Lawyers and Doctors Partner to Help Patients

Lawyers and doctors are finding some common ground in clinics and hospitals across the country, according to NPR. In an Ohio women’s clinic, doctors are studying how adding lawyers to the health care team can help improve patient care. Meredith Watts is an attorney for Community Legal Aid, a nonprofit that gives free legal help to low-income people, but works out of the clinic. Watt’s role on the team is to help solve issues outside a doctor’s control -- such as anxiety over an eviction -- that might affect a patient’s health. "It's exciting to be able to do what we think of as preventative law, rather than always being crisis intervention because you can help something not happen, before it becomes a crisis.” explained attorney Marie Curry who runs the medical-legal partnership.

Pro Bono Hotline Helps Hundreds of Tennesseans

The new toll free hotline for pro bono legal assistance 1-888 aLEGALz has received nearly 800 calls during the first three months of its opening, reports the Memphis Daily News. Funded by the International Paper Co. and the Tennessee Commission on Continuing Legal Education and Specialization, the hotline helps improve citizens' access to free legal assistance. Memphis attorney Tim Hughes, formerly of Memphis Area Legal Services Inc., was hired to man the line on weekdays and make the arrangements for legal representation. In addition to the hotline, the Access to Justice Commission also operates an online pro bono website, making Tennessee the first state to offer both options.

Law Firm Mergers Hit 4-Year High

Law firm mergers and acquisitions in the South have been as high as it’s been in four years, according to the most recent data from legal industry consulting firm Altman Weil. The Nashville Business Journal reports the organization’s MergerLine indicates the highest number of mergers and acquisitions occurred since first quarter 2009, primarily concentrated among small firms. Of the 21 acquisitions announced through the first quarter, 19 involved firms with 25 or fewer attorneys.

Senate Committee May Seek Records from DA Investigation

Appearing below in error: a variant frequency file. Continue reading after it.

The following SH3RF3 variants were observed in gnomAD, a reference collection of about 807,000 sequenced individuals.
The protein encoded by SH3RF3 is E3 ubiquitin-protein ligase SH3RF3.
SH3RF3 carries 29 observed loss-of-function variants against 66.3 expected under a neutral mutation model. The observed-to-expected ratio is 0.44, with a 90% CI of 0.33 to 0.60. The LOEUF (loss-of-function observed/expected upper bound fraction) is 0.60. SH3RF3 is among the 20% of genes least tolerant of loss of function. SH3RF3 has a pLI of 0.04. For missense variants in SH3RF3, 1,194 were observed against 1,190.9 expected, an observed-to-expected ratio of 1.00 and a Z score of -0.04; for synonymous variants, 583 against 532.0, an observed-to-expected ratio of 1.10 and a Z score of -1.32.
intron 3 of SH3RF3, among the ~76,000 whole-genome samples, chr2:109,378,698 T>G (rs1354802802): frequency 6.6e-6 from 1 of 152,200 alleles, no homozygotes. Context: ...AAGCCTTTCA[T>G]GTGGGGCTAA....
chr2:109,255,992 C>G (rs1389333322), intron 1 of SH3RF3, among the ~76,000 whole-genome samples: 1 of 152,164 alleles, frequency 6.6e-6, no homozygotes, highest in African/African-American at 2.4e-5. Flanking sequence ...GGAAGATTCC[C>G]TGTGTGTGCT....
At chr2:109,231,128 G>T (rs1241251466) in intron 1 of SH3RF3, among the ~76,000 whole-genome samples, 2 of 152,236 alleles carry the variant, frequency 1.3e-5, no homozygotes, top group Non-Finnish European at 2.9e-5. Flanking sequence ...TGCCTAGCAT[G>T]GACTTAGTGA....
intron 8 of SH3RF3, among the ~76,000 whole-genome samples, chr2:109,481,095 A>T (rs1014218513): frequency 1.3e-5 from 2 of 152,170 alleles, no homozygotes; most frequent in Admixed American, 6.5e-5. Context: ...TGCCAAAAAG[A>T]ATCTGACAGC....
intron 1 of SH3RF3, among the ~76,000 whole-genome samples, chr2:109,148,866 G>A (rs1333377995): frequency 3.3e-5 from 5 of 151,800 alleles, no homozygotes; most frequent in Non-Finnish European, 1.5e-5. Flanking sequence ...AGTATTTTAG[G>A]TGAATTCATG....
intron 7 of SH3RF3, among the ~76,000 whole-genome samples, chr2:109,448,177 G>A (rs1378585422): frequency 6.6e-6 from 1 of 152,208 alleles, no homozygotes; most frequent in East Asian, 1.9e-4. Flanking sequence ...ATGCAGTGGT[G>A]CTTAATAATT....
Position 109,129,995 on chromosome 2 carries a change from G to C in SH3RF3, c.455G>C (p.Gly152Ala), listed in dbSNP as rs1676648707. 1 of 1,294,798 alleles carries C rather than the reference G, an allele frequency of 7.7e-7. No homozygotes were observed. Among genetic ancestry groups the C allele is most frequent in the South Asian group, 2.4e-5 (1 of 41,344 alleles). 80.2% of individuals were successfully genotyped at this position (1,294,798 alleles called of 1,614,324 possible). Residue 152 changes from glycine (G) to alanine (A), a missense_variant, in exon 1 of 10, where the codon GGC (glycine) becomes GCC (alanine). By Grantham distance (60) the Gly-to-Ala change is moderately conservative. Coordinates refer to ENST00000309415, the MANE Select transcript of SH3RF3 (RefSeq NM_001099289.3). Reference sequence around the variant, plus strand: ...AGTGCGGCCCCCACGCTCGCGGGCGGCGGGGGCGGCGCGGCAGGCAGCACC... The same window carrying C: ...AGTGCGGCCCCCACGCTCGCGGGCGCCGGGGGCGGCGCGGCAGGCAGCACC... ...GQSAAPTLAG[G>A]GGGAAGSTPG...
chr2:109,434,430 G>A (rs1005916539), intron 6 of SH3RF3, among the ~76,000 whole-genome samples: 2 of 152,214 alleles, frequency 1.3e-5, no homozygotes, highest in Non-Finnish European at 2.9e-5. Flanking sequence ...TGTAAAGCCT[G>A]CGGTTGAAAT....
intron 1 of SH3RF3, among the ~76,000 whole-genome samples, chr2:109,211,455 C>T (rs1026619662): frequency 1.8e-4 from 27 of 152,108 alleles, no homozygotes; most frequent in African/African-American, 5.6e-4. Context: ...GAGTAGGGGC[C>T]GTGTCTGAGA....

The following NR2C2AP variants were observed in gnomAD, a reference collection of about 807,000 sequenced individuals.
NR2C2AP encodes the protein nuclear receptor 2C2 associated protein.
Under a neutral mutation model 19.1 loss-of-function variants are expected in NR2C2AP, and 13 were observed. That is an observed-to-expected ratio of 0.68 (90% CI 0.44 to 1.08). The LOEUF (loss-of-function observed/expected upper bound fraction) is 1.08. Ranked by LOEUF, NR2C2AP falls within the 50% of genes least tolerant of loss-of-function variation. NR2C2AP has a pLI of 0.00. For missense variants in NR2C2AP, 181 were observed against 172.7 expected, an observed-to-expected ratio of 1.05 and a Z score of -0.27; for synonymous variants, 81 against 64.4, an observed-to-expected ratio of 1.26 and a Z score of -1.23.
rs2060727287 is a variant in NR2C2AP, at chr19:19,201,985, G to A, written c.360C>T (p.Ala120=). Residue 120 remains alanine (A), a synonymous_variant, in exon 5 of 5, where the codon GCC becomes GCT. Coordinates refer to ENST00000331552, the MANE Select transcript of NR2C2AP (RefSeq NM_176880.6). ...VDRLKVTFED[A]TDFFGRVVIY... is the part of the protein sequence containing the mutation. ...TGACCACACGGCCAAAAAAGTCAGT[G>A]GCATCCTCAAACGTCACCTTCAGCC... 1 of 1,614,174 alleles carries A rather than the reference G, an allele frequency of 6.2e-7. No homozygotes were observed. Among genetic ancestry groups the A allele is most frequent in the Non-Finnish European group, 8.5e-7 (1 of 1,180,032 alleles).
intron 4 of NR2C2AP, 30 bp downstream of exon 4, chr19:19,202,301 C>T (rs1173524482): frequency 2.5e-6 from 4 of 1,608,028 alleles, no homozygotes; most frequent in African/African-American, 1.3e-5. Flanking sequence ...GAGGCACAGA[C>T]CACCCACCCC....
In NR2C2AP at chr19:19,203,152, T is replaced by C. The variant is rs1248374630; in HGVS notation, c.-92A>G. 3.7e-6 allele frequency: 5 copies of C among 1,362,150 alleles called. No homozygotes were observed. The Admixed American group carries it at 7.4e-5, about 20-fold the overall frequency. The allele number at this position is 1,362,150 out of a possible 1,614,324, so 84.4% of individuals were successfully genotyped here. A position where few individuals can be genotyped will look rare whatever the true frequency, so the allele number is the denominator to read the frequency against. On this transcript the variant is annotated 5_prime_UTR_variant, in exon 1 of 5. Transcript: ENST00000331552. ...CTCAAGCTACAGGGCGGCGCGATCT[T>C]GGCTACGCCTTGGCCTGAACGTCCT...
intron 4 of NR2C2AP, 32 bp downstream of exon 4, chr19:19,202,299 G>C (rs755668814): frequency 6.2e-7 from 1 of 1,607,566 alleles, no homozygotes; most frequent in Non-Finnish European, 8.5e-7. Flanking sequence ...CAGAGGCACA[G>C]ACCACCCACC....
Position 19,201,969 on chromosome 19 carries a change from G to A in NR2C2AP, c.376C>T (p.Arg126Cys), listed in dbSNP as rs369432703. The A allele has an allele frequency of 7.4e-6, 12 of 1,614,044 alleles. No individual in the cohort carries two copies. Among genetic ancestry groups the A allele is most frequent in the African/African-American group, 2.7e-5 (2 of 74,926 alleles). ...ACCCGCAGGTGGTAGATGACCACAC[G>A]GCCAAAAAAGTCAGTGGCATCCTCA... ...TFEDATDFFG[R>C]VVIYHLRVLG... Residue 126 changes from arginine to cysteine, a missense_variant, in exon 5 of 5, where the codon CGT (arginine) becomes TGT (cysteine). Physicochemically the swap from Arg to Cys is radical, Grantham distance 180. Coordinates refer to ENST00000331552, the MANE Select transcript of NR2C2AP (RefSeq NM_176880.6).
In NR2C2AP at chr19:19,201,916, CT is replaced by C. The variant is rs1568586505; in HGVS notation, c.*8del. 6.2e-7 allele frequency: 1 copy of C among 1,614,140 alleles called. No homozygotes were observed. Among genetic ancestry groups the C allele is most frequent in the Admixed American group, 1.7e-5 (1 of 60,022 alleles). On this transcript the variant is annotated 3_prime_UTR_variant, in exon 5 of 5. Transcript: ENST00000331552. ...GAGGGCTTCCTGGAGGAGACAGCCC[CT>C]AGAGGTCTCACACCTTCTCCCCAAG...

The Senate Judiciary Committee next week will consider a resolution directing the Tennessee Bureau of Investigation to hand over all documents pertaining to the agency’s probe of 10th District Attorney General Steve Bebb. After a four-month TBI investigation, Attorney General Bob Cooper found no prosecutable criminal acts by Bebb, although Cooper did criticize Bebb’s office for poor judgment, mismanagement and deficient record keeping. As part of the panel’s oversight duties, Judiciary Committee Chairman Brian Kelsey, R-Germantown, said “we need to be ensuring everyone in the judicial branch is doing their job correctly.” The Chattanooga Times Free Press has the story.

Amended Guns in School Bill Passes

The amended version of the bill that would allow some school staff to carry their weapons in the classrooms passed the House Civil Justice Committee and the Senate Education Committee yesterday afternoon. The measure gives local school districts the final say about allowing employees to carry a weapon on school property, but an added amendment states that any staffer doing so must be certified as a police officer. Former police officers who are now teachers and criminal justice teachers who have extensive police training would qualify. WKRN has the story.

Meth Bill Halted in Senate

A bill that would have reduced the amount of pseudoephedrine cold medication that can be purchased unanimously passed the House Health Committee but was stopped in the Senate General Subcommittee. HB 617, sponsored by Rep. Tony Shipley, R-Kingsport, aims to reduce the availability of the drug used in making methamphetamine. According to Knoxnews, Shipley expects it to pass the House then he will wait until next session so the Senate can reconsider it.

Wills for Heroes Clinic Planned for Saturday

The TBA Young Lawyers Division will hold a Wills for Heroes clinic in Franklin this Saturday and additional lawyer volunteers are needed to draft wills and other end-of-life documents for first responders and their families. The event, coordinated by Franklin City attorney Shauna Billingsley, will take place from 9 a.m. to 4 p.m. at the Franklin Police Department, 900 Columbia Ave. Contact Billingsley at shauna.billingsley@franklintn.gov or (615) 550-6603 to get involved. Since 2008, the YLD has provided wills for more than 1,800 first responders in the state.

Free Legal Clinic to be Held Next Saturday

The Access to Justice Commission's free legal clinic will he held next Saturday, April 13 at the Benjamin L. Hooks Central Library in Memphis from 10 a.m. to 12 p.m. Yesterday's TBAToday gave the wrong date for the event. Clinics are held every second Saturday of the month.


Questions, comments: Email us at TBAToday@tnbar.org

About this publication: Today's News is a compilation of digests of news reports of interest to Tennessee lawyers compiled by TBA staff, links to digested press releases, and occasional stories about the TBA and other activities written by the TBA staff or members. Statements or opinions herein are those of the authors and do not necessarily reflect those of the Tennessee Bar Association, its officers, board or staff.